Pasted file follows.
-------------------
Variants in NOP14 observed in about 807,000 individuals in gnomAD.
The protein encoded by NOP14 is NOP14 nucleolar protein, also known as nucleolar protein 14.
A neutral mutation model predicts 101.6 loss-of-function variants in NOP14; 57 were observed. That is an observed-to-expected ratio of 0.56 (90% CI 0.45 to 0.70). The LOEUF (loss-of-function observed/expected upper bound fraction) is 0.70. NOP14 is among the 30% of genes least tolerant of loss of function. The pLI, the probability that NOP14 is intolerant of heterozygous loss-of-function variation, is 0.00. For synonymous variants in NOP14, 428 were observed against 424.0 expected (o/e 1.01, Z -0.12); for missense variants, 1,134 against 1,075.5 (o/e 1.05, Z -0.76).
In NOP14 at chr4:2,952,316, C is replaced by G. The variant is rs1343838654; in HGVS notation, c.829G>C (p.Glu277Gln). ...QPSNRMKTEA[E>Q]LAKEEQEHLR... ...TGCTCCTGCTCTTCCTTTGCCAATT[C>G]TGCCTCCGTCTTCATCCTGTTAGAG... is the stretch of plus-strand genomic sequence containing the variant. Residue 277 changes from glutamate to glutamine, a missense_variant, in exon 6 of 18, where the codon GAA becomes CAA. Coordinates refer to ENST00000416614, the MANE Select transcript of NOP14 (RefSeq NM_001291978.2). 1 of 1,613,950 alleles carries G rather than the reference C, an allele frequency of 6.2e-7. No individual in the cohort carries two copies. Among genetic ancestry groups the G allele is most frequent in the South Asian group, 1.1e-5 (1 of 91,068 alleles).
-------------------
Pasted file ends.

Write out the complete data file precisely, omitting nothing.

Variants in NOP14 observed in about 807,000 individuals in gnomAD.
The protein encoded by NOP14 is NOP14 nucleolar protein, also known as nucleolar protein 14.
A neutral mutation model predicts 101.6 loss-of-function variants in NOP14; 57 were observed. That is an observed-to-expected ratio of 0.56 (90% CI 0.45 to 0.70). The LOEUF (loss-of-function observed/expected upper bound fraction) is 0.70. NOP14 is among the 30% of genes least tolerant of loss of function. The pLI, the probability that NOP14 is intolerant of heterozygous loss-of-function variation, is 0.00. For synonymous variants in NOP14, 428 were observed against 424.0 expected (o/e 1.01, Z -0.12); for missense variants, 1,134 against 1,075.5 (o/e 1.05, Z -0.76).
In NOP14 at chr4:2,952,316, C is replaced by G. The variant is rs1343838654; in HGVS notation, c.829G>C (p.Glu277Gln). ...QPSNRMKTEA[E>Q]LAKEEQEHLR... ...TGCTCCTGCTCTTCCTTTGCCAATT[C>G]TGCCTCCGTCTTCATCCTGTTAGAG... is the stretch of plus-strand genomic sequence containing the variant. Residue 277 changes from glutamate to glutamine, a missense_variant, in exon 6 of 18, where the codon GAA becomes CAA. Coordinates refer to ENST00000416614, the MANE Select transcript of NOP14 (RefSeq NM_001291978.2). 1 of 1,613,950 alleles carries G rather than the reference C, an allele frequency of 6.2e-7. No individual in the cohort carries two copies. Among genetic ancestry groups the G allele is most frequent in the South Asian group, 1.1e-5 (1 of 91,068 alleles).